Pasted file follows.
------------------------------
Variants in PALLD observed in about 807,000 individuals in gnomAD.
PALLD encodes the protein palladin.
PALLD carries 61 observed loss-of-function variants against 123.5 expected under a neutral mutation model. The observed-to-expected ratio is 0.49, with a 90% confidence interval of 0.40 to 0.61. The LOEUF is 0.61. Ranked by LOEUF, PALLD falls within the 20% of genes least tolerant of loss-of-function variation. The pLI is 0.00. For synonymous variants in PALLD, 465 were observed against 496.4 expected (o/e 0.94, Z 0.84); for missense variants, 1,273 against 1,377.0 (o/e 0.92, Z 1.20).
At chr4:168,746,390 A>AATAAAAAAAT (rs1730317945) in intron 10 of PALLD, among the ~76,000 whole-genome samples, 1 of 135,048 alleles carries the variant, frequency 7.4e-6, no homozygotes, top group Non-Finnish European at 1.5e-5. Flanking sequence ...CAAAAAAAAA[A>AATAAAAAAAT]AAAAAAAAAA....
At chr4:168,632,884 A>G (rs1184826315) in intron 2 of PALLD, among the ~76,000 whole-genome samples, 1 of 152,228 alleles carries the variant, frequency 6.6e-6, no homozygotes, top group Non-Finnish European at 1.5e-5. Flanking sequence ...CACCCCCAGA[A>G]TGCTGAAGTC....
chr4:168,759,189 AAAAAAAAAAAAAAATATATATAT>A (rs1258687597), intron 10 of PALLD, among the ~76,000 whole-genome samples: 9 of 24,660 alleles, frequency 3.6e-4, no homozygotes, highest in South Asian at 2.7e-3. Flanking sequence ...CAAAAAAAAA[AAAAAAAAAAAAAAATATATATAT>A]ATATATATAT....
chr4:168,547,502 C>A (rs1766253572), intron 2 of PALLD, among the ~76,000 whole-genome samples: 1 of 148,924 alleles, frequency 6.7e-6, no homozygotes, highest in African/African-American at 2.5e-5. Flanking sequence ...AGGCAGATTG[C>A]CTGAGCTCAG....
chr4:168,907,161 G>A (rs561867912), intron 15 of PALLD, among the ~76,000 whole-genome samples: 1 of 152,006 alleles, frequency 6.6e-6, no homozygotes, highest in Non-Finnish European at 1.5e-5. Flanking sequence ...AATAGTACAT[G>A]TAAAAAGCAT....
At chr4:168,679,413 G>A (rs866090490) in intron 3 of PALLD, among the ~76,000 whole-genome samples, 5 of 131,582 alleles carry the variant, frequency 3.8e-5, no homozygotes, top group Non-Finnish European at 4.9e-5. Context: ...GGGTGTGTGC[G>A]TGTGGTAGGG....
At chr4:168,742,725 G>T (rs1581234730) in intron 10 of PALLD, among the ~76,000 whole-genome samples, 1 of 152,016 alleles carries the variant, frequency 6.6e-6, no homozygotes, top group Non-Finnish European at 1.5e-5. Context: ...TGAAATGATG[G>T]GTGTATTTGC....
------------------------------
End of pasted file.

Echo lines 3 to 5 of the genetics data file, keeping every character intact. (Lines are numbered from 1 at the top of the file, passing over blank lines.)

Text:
PALLD carries 61 observed loss-of-function variants against 123.5 expected under a neutral mutation model. The observed-to-expected ratio is 0.49, with a 90% confidence interval of 0.40 to 0.61. The LOEUF is 0.61. Ranked by LOEUF, PALLD falls within the 20% of genes least tolerant of loss-of-function variation. The pLI is 0.00. For synonymous variants in PALLD, 465 were observed against 496.4 expected (o/e 0.94, Z 0.84); for missense variants, 1,273 against 1,377.0 (o/e 0.92, Z 1.20).
At chr4:168,746,390 A>AATAAAAAAAT (rs1730317945) in intron 10 of PALLD, among the ~76,000 whole-genome samples, 1 of 135,048 alleles carries the variant, frequency 7.4e-6, no homozygotes, top group Non-Finnish European at 1.5e-5. Flanking sequence ...CAAAAAAAAA[A>AATAAAAAAAT]AAAAAAAAAA....
At chr4:168,632,884 A>G (rs1184826315) in intron 2 of PALLD, among the ~76,000 whole-genome samples, 1 of 152,228 alleles carries the variant, frequency 6.6e-6, no homozygotes, top group Non-Finnish European at 1.5e-5. Flanking sequence ...CACCCCCAGA[A>G]TGCTGAAGTC....